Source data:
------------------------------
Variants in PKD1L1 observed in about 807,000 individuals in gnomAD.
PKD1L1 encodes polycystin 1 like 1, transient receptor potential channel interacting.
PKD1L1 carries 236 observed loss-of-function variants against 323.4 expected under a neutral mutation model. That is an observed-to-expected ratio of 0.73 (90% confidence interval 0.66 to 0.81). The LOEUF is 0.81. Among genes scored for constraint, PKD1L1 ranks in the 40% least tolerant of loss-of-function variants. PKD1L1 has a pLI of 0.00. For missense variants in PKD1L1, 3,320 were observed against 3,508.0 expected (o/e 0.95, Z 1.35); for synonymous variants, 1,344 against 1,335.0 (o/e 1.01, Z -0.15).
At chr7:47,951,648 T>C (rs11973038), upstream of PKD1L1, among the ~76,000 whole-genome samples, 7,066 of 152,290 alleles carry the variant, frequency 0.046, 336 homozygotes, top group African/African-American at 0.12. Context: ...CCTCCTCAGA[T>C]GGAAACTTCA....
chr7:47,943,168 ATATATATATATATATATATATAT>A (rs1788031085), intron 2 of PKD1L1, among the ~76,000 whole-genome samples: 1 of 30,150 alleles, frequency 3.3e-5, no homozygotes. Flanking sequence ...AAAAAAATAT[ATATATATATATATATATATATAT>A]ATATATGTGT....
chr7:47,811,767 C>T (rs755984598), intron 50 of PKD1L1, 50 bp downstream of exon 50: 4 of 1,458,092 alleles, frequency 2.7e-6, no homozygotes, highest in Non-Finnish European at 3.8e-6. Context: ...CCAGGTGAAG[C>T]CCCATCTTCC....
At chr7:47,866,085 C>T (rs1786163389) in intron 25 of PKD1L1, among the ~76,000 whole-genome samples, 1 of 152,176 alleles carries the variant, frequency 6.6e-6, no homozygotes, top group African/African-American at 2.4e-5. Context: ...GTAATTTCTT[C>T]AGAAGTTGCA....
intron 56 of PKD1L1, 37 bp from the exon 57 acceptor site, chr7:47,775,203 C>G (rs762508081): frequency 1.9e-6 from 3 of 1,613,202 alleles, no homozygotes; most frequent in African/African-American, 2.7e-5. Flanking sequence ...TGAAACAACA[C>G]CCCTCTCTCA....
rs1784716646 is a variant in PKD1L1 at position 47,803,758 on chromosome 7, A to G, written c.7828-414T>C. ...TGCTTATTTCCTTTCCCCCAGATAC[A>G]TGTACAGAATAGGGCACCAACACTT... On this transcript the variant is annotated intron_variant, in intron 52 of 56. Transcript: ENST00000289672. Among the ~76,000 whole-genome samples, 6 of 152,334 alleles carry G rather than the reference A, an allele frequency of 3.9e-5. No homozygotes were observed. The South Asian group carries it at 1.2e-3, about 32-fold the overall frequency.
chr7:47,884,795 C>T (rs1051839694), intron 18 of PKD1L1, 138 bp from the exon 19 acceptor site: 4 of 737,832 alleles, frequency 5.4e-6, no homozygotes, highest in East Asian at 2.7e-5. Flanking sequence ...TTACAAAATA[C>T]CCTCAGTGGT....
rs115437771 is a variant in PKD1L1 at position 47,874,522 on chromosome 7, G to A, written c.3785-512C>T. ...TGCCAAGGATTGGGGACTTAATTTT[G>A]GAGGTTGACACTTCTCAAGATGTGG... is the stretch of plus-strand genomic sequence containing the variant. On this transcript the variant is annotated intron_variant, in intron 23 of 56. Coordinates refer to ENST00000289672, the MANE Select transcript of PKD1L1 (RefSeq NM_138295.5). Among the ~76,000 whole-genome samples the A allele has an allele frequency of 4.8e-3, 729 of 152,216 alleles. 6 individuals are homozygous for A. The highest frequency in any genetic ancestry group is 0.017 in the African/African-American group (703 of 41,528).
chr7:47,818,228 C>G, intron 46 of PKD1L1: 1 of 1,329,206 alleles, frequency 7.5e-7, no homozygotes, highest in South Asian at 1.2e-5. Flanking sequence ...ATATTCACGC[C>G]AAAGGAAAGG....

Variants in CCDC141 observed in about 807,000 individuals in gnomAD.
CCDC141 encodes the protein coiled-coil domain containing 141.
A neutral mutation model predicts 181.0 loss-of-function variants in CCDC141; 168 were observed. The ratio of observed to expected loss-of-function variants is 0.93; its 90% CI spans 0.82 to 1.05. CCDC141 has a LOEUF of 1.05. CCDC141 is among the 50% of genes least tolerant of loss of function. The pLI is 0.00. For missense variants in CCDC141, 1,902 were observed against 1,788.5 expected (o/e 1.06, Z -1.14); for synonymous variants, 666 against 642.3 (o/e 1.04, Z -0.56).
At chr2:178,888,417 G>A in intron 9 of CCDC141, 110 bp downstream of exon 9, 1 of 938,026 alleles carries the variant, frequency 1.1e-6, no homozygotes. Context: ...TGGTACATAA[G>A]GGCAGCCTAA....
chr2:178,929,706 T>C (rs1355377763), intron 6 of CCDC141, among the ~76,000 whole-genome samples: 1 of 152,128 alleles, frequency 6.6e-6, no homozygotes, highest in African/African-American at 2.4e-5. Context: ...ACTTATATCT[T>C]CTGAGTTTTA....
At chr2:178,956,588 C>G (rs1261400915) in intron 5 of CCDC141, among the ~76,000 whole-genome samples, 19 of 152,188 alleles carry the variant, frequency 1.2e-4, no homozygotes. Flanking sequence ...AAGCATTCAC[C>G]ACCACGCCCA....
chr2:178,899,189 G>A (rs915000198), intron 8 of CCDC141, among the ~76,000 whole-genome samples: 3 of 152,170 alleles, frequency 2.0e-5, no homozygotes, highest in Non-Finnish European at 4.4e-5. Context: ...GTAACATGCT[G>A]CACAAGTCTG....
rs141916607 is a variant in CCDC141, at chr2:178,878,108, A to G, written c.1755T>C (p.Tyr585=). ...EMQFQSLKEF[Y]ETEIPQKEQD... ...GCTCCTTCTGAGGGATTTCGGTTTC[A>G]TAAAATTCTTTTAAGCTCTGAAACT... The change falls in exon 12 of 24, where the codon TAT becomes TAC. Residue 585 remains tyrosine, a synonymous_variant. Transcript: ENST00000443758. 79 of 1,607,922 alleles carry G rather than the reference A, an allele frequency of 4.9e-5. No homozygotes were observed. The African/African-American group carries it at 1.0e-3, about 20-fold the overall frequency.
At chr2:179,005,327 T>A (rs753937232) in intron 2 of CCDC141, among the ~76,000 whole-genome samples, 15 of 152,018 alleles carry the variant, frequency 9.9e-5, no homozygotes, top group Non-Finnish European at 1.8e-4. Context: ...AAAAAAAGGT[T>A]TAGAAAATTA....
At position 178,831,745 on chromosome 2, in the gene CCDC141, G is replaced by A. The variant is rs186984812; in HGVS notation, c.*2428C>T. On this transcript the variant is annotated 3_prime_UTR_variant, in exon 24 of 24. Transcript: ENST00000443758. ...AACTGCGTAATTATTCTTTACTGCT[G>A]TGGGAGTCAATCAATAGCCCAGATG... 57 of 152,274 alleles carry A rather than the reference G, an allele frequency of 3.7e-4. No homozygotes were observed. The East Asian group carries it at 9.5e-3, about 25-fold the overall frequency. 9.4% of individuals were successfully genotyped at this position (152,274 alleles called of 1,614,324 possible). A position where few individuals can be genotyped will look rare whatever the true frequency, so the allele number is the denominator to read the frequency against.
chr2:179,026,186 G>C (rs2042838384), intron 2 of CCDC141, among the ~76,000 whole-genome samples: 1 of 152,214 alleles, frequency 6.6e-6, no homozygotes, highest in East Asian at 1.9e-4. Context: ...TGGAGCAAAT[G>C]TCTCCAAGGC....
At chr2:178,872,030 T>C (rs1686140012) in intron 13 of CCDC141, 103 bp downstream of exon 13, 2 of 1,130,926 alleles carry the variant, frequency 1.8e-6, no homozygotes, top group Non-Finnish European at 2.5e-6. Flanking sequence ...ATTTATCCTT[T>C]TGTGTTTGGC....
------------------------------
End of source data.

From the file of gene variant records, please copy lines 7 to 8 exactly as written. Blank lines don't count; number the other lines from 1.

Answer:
At chr7:47,866,085 C>T (rs1786163389) in intron 25 of PKD1L1, among the ~76,000 whole-genome samples, 1 of 152,176 alleles carries the variant, frequency 6.6e-6, no homozygotes, top group African/African-American at 2.4e-5. Context: ...GTAATTTCTT[C>T]AGAAGTTGCA....
intron 56 of PKD1L1, 37 bp from the exon 57 acceptor site, chr7:47,775,203 C>G (rs762508081): frequency 1.9e-6 from 3 of 1,613,202 alleles, no homozygotes; most frequent in African/African-American, 2.7e-5. Flanking sequence ...TGAAACAACA[C>G]CCCTCTCTCA....